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Shelter Report Says Occupancy Is Tight, Needs Are Diverse

Toronto's homeless shelters are struggling to meet long-term housing needs the system was never intended to address.

Photo by BruceK, from the Torontoist Flickr Pool

Photo by BruceK, from the Torontoist Flickr Pool.

Earlier this week, City staff released a report on homeless shelter occupancy and the challenges of providing relief to Toronto’s most vulnerable residents. Although the report presents no evidence to back up claims by community workers that there isn’t enough shelter space to meet demand, it provides a glimpse into a system struggling to serve many users. Here’s what we learned from the report.

Most empty shelter beds are for single men.

The majority of surplus beds are located in a few large men’s shelters—particularly Seaton House and Maxwell Meighen Centre. When you remove those beds from the count, the average occupancy levels for other groups are as follows:

Bed Type   January   February  
Co-ed 98% 99%
Women 97% 98%
Youth 95% 97%

“Among the various sectors,” the report notes, “beds for couples and for individuals with mobility issues including those using wheelchairs can be challenging.”

The report also acknowledges the challenges of staying at Seaton House and the Maxwell Meighan Centre: “People may have to occupy a dormitory with up to 40 other individuals experiencing some complex and challenging issues.” Men eligible to use these sites are sometimes unwilling to face these conditions. The City plans to redevelop Seaton House, but the plan won’t be realized for several years.

Beds at the shelter referral centre are not for general use.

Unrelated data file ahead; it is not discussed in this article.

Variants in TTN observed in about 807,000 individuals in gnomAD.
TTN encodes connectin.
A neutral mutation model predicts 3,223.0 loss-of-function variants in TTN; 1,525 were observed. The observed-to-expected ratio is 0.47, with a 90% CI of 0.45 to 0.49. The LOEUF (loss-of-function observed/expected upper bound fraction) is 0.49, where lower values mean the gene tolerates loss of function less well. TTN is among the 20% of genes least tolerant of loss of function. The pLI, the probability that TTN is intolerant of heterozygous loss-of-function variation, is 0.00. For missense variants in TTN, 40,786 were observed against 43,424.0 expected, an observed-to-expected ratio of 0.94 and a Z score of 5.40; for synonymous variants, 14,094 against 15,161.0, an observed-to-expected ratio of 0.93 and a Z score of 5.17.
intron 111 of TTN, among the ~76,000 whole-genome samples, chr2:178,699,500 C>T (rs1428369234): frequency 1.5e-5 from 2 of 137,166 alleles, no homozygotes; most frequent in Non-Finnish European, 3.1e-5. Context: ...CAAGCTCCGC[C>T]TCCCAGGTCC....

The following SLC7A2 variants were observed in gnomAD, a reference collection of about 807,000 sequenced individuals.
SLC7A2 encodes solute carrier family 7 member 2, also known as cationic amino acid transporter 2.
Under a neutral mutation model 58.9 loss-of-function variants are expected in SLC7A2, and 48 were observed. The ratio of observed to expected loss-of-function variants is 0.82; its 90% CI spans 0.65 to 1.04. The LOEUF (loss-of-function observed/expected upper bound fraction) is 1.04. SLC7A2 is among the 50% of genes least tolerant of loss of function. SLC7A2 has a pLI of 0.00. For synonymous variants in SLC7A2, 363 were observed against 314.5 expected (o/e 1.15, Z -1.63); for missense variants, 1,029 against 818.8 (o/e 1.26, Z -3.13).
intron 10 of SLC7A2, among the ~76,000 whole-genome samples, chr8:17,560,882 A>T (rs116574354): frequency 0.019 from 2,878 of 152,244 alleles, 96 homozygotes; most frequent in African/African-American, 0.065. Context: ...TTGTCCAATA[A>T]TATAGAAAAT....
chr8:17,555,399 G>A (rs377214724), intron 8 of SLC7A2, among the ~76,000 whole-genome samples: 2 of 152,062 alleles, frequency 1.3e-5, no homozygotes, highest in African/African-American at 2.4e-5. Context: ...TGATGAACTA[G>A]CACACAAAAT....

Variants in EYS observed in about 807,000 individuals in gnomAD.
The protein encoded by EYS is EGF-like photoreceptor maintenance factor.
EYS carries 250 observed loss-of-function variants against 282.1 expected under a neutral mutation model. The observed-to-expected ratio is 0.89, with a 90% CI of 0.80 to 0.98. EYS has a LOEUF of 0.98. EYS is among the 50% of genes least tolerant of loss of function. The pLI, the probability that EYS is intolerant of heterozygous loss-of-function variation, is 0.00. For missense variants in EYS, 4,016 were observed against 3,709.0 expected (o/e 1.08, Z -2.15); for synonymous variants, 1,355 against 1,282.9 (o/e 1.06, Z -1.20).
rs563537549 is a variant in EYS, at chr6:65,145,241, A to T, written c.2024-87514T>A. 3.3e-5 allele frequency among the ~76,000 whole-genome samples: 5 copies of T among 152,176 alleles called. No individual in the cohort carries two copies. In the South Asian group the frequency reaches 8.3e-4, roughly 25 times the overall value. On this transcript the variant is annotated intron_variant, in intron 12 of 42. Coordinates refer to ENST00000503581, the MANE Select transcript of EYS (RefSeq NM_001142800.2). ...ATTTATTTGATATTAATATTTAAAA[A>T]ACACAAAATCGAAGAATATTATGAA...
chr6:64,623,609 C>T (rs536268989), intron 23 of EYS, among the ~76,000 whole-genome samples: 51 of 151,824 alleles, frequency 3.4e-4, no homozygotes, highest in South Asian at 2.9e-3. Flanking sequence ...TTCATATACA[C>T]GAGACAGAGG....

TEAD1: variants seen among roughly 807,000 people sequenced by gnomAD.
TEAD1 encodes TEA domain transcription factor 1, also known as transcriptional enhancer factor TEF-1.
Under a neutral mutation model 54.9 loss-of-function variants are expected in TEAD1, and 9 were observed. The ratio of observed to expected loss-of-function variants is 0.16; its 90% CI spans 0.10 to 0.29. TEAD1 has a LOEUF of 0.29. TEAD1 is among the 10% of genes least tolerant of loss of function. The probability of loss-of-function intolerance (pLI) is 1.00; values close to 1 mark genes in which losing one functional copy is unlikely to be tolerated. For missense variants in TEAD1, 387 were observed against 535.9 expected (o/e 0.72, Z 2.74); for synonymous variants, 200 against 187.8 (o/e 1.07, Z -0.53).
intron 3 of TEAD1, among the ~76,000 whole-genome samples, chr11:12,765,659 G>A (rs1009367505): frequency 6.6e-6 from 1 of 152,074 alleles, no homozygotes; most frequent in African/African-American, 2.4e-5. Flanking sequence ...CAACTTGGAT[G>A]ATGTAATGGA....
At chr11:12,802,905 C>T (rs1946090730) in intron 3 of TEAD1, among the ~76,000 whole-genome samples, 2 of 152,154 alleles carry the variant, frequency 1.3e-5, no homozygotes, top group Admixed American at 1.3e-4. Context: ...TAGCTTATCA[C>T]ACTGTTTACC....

According to the report, the Streets to Homes Access and Referral Centre (SHARC), a Peter Street facility that provides services to homeless people, has 40 beds that are open to “individuals and couples actively working on a housing plan with a Streets to Homes counsellor.” Everyone else gets referred to another shelter.

This is significant because SHARC is the referral site for those who can’t immediately find a bed. The report adds that some people choose to sleep overnight at SHARC rather than go someplace else, particularly if the only available beds are far from downtown. Additional beds in the downtown core could relieve pressure at SHARC.

Better notifications during emergency situations are in the works.

City councillors, particularly Kristyn Wong-Tam (Ward 27, Toronto Centre-Rosedale), said in October that shelter staff failed to plan adequately for extreme weather in the aftermath of Hurricane Sandy. Now, the City is vowing to improve its emergency preparedness.

The report notes that shelter staff and City officials have decided that information on services to homeless people “will be considered and included as part of the key messages the City provides during emergency events.” They plan to consult shelter users directly to develop better outreach strategies.

The 2013 budget process recently made available $3 million to offset occupancy pressures in the emergency shelter system, if needed. Some of this funding
may be used to offset the cost of providing extra beds even when there isn’t an official cold-weather alert.

Staff training is critical.

Among the many challenges of co-ordinating more than 3800 City shelter spaces is ensuring that shelter staff are well trained and well informed. The report raises the possibility that “not all workers are doing intakes when someone calls seeking a bed.”

The intake process involves a long series of questions, and workers may be reluctant to initiate the process, perhaps for fear that a client will give up before completing it or simply not arrive to claim his or her space. In response, staff are seeking “an external third party to conduct random checks of bed access practices.”

Shelters continue to serve as long-term housing.

Toronto’s shelter system was never designed to meet the needs it now struggles to address. According to the report, shelters now sometimes serve as permanent or semi-permanent housing for people who should ideally be in some form of assisted-living housing. Crowded shelters are symptomatic of a much greater housing shortfall in Toronto and across the GTA.

Councillors on the Community Development and Recreation Committee will discuss all of this at their next meeting, on March 18, at City Hall.

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